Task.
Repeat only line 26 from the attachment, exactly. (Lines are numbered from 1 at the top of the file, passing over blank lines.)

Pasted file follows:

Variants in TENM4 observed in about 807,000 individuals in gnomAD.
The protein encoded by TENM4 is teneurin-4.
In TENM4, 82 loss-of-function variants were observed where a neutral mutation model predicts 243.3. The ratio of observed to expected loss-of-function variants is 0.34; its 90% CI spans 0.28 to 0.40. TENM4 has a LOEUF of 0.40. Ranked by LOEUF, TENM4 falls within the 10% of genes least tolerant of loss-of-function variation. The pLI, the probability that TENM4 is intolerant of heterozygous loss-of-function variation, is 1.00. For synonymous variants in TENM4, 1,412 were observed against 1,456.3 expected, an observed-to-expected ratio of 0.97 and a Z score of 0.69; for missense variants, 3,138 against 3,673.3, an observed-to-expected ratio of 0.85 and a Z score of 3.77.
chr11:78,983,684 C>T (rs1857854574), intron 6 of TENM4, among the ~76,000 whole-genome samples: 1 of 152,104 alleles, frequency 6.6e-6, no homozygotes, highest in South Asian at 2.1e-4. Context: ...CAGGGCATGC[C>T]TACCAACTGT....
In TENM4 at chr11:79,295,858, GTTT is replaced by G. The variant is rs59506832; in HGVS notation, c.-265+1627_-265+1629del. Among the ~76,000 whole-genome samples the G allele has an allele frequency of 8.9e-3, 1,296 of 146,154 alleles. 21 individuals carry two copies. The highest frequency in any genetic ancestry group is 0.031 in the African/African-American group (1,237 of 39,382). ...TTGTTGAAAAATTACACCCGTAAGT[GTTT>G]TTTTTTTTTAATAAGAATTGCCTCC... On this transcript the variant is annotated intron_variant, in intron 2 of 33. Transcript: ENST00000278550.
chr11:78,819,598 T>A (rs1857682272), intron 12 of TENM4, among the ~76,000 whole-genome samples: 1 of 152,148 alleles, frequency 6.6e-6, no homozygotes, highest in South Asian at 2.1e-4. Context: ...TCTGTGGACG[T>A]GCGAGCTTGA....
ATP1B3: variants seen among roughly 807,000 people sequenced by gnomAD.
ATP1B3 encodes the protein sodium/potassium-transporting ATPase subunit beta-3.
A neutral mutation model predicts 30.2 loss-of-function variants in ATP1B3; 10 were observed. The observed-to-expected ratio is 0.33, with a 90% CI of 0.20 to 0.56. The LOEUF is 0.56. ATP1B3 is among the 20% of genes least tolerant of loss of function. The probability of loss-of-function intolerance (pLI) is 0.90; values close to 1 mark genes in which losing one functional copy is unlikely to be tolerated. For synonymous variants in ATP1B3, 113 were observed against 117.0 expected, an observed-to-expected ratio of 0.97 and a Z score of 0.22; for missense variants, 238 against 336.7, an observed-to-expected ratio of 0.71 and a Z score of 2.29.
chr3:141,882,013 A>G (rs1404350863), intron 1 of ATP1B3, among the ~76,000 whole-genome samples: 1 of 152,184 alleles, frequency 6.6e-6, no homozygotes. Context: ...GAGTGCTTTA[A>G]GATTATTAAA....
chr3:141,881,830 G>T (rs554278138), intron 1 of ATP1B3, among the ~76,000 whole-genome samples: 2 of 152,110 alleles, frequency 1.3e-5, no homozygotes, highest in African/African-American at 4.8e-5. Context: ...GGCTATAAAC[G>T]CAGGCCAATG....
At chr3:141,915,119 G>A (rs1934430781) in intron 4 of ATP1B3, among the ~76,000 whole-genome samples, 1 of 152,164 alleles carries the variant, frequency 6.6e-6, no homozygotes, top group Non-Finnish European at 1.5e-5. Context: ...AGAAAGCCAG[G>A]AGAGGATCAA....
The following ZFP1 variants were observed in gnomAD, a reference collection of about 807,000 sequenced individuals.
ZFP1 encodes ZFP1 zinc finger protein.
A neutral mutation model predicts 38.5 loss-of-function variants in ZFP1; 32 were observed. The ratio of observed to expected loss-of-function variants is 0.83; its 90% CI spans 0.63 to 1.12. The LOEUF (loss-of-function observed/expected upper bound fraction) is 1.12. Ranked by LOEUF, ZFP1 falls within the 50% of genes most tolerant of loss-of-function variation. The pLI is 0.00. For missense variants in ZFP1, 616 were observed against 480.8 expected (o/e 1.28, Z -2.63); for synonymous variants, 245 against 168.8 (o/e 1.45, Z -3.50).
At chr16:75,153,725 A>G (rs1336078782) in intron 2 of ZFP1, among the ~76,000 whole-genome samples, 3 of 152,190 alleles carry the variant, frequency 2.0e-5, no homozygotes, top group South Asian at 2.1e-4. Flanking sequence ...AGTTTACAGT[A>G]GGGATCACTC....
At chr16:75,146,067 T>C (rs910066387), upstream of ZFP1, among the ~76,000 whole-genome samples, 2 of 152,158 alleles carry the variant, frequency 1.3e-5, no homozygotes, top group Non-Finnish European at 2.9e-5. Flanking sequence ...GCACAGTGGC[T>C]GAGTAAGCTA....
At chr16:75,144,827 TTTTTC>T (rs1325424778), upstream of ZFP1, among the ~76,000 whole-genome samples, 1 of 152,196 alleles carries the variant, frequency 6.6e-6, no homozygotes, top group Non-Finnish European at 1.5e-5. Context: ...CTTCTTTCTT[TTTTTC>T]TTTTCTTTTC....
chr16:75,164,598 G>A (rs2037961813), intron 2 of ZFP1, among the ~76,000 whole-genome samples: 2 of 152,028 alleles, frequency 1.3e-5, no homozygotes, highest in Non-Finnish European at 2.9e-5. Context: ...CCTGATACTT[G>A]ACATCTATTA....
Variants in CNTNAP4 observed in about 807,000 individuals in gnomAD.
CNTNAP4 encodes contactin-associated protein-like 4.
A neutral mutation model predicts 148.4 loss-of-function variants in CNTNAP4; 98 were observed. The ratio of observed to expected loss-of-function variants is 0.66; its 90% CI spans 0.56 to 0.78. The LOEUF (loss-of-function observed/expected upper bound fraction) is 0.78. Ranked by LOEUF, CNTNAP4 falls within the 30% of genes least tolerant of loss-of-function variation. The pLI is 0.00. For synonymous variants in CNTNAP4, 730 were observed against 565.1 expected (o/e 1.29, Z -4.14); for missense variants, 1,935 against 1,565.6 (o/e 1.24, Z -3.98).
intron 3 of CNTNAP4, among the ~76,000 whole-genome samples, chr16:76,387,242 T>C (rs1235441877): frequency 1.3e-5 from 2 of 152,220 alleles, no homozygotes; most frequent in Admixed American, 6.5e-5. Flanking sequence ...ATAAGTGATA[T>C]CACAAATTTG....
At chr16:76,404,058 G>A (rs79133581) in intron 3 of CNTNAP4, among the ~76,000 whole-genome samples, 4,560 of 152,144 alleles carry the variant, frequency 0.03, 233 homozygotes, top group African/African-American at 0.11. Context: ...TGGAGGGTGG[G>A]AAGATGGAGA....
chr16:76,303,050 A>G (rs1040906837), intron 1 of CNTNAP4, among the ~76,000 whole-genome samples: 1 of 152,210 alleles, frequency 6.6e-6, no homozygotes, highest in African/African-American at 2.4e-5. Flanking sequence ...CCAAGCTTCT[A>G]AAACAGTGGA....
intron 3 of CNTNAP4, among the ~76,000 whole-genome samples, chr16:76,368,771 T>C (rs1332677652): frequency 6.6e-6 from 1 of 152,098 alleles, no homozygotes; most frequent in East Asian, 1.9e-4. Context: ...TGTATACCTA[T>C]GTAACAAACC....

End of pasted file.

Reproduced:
intron 3 of CNTNAP4, among the ~76,000 whole-genome samples, chr16:76,368,771 T>C (rs1332677652): frequency 6.6e-6 from 1 of 152,098 alleles, no homozygotes; most frequent in East Asian, 1.9e-4. Context: ...TGTATACCTA[T>C]GTAACAAACC....